Retin-A for Eyes

If you've got saggy, droopy eyes like I used to have, you probably hate them. They make us look tired and old. Have you thought about using retin-a (tretinoin topical) on eyelids and surrounding skin? I've been using retina on my eyes for about two years, and I think they're better in two ways: first, they don't sag like they used to, although I also believe my diet helps with that; second, I think the skin is firmer, although I'm two years older.

Here are my eyes before I started using Retin-A. The lighting isn't the best, but you get the idea:
My eyelids were saggy and droopy. The relaxed skin was partially from aging, but I also consumed too much sugar, which contributed to inflammation. That inflammation is fluid behind the lids, which pushes the skin outward instead of allowing it to sink inward. I changed my diet dramatically two years ago and started using retin a all over my face at least 3x/week.

Here are a couple pictures I've taken over the last year; the lighting is different, but you can see the change:

I am very conservative with the retin-a, although I use the strongest formula. After I moisturize with olive oil, I dab the least amount possible, really what's left over on my fingers after applying a pea-size amount to my face.

If you prefer to use OTC retinoids rather than visiting a doctor for a prescription, many are now as effective as prescription strength. They’re available in prescription strength, but studies show that  OTC products produce results as good as prescriptions!

The first month was weird: I felt like my eyes did look worse: sort of dry and older crepe-paper like, but I stuck with it because I've read that it takes the eyes a long time to exfoliate this way. When I started noticing some flakes around my eyes, I used oil and massaged the skin gently; this helps a lot, but I don't do it regularly.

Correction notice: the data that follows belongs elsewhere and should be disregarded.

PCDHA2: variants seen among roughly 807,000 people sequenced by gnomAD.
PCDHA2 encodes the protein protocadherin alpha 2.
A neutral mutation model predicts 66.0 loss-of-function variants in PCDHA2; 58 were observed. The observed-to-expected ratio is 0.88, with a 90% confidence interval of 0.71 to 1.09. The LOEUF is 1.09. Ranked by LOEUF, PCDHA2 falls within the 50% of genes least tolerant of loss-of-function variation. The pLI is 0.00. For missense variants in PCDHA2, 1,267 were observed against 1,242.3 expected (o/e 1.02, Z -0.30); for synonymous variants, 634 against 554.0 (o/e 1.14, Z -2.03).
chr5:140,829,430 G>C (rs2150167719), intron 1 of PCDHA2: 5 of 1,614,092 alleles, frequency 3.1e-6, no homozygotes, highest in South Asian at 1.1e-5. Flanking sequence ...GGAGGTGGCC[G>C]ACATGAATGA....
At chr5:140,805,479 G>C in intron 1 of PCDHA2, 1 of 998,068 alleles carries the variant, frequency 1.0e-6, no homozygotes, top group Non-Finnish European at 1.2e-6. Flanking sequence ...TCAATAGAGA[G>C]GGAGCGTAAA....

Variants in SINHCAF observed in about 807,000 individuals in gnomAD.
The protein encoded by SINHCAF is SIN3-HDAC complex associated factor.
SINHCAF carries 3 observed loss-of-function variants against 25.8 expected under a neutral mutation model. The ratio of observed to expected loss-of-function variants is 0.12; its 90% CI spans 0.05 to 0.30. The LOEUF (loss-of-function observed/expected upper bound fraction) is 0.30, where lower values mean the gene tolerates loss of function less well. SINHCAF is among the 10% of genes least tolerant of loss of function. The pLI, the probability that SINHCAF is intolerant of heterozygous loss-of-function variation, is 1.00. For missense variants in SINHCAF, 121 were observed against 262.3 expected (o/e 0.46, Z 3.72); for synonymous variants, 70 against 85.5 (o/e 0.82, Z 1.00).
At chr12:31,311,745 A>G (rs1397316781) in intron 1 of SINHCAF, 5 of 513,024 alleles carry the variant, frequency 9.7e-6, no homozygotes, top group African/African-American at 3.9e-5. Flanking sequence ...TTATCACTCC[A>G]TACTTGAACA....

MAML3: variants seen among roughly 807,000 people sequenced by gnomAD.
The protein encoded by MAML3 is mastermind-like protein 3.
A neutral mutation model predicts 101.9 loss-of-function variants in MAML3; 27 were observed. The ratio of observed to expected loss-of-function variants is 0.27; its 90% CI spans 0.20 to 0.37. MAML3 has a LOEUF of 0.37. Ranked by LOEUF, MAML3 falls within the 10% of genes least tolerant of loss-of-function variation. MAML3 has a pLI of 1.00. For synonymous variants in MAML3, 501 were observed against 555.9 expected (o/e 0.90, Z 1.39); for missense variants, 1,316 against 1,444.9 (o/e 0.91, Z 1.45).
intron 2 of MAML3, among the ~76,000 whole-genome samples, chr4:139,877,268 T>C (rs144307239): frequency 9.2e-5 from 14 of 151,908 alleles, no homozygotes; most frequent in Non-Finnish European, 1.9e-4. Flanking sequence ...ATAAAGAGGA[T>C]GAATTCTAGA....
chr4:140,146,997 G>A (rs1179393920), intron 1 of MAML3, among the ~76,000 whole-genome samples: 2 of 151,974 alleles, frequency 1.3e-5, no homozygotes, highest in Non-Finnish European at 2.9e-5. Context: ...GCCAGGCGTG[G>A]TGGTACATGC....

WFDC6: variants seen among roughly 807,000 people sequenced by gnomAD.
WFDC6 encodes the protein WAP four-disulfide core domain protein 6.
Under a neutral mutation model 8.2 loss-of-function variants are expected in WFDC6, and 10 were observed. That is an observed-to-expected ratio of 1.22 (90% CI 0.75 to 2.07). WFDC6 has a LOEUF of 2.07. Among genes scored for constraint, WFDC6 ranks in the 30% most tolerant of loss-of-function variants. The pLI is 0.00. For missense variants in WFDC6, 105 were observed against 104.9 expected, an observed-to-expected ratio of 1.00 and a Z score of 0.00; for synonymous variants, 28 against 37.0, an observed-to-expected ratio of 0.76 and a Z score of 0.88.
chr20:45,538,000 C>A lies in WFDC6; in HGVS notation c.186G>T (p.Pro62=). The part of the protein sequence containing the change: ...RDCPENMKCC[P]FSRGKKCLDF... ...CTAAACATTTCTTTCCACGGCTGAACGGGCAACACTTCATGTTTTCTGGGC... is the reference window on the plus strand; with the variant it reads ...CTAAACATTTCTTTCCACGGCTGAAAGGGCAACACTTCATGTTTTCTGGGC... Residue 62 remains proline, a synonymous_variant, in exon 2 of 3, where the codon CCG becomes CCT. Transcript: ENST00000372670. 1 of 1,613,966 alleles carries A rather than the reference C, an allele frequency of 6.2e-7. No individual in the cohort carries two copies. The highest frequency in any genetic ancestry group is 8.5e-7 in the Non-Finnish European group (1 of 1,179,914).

If you're starting to dislike what you see around your eyes, consider retin-a. It's just a chemical peel for the eyelids and surrounding skin.


  1. Gabi! Hi...
    Agree. I believe less is more, s l o w l y, wins the race. One might tend to GLOB it on - repeatedly? resulting in dryness. I have super dry skin, and use it quite often. No problems here so far.
    Getting ready to do my TCA - just can't find a ratio to make a decent 21% with 100 tca. I make it just too weak to do anything.
    Love your blogs --
    Barb S.

    1. Hi Barb! I think with the mixture for TCA, try mixing half distilled water, half TCA to take it to 50%, then mix half and half again, which will take it to 25%. This should be very effective unless the pH is wrong. Where are you getting your 100%? I'm just wondering if it's truly 100% or if the pH is making it ineffective.

  2. I'm a bit confused. Did you use Retin-A ON your eyelids? If so, what percentage, how often, and did you apply it alone?

    Also, did you experience any side effects (burning, itching, etc.)?

    1. Yes, I use Retin-A on my lids and around my eyes. I use the .01 or 1% cream, which is the strongest. I apply to my whole face about 3x/week, and I use what's left over on my fingers to dab around my eyes. It's not much, but I don't need much.
      I always cleanse first to remove sunscreen, and then apply regular moisturizer; after about an hour or two, I apply the retin-a just before bed.
      I did have dry, crinkly skin after the first month, but no redness or itching, but I think that has a lot to do with how much I use.
      I still get flakies all the time if I don't moisturize and exfoliate properly though.

  3. An eye lid makeover is what my wife has been talking to me about doing. She's become somewhat embarrassed of her eyes that look all droopy. Together we're trying to find out if an eye lid surgery would be a good option for her. If so, then we'll probably go for it, and if not, then we might as well go the natural way of fixing the eyelids.

  4. How do you exfoliate the eye area and face? Also do you think .5 will have the same effect on eyes?